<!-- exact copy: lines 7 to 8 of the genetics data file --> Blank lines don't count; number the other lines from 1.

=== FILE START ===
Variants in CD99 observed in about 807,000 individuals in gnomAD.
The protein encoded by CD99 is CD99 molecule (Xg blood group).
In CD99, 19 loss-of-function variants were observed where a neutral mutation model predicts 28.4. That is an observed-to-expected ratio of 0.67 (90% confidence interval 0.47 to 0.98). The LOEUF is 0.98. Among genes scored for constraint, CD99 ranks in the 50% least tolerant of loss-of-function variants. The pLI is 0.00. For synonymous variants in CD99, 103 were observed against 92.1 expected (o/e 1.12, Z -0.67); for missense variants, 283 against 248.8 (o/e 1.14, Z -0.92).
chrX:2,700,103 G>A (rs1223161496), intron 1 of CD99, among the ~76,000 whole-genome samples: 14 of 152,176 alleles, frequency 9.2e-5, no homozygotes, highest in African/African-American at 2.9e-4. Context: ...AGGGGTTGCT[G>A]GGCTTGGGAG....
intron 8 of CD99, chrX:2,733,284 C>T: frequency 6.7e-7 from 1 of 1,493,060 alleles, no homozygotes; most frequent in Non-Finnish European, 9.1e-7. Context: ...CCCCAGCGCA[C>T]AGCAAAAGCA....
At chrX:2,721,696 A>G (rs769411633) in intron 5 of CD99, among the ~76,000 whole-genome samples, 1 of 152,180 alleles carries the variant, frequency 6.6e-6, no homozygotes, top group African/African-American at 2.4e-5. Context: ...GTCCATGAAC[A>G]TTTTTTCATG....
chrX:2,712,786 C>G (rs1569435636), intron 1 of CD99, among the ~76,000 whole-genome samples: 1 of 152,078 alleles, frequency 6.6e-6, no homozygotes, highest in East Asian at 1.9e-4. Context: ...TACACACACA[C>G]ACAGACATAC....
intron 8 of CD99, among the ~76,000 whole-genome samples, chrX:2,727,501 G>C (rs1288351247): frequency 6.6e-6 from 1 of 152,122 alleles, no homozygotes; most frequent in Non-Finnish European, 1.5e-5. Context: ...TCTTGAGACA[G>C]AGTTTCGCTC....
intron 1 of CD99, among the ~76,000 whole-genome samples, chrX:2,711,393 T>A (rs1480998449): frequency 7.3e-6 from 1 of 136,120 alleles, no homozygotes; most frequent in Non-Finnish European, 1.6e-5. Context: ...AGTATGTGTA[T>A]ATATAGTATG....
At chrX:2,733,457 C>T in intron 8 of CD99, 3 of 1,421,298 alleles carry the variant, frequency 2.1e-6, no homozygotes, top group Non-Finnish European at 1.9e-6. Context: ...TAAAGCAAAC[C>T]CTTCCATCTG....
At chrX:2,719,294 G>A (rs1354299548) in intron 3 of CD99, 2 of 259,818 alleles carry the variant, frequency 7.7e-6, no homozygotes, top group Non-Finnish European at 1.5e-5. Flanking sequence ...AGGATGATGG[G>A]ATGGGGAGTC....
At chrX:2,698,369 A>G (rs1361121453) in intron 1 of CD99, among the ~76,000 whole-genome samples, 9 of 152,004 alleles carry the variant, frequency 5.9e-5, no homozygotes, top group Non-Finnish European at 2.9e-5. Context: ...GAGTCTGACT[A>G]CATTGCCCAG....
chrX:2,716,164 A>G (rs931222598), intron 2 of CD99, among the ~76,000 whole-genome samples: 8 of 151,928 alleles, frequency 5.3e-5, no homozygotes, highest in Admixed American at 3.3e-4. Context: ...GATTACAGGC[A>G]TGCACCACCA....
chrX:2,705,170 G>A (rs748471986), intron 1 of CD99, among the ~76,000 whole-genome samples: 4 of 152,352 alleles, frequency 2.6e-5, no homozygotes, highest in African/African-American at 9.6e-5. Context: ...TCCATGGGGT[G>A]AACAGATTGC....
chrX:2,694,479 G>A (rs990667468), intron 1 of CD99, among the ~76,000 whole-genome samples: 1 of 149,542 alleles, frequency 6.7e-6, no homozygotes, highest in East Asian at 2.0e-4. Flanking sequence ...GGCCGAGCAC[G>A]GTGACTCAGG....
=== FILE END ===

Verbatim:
chrX:2,712,786 C>G (rs1569435636), intron 1 of CD99, among the ~76,000 whole-genome samples: 1 of 152,078 alleles, frequency 6.6e-6, no homozygotes, highest in East Asian at 1.9e-4. Context: ...TACACACACA[C>G]ACAGACATAC....
intron 8 of CD99, among the ~76,000 whole-genome samples, chrX:2,727,501 G>C (rs1288351247): frequency 6.6e-6 from 1 of 152,122 alleles, no homozygotes; most frequent in Non-Finnish European, 1.5e-5. Context: ...TCTTGAGACA[G>C]AGTTTCGCTC....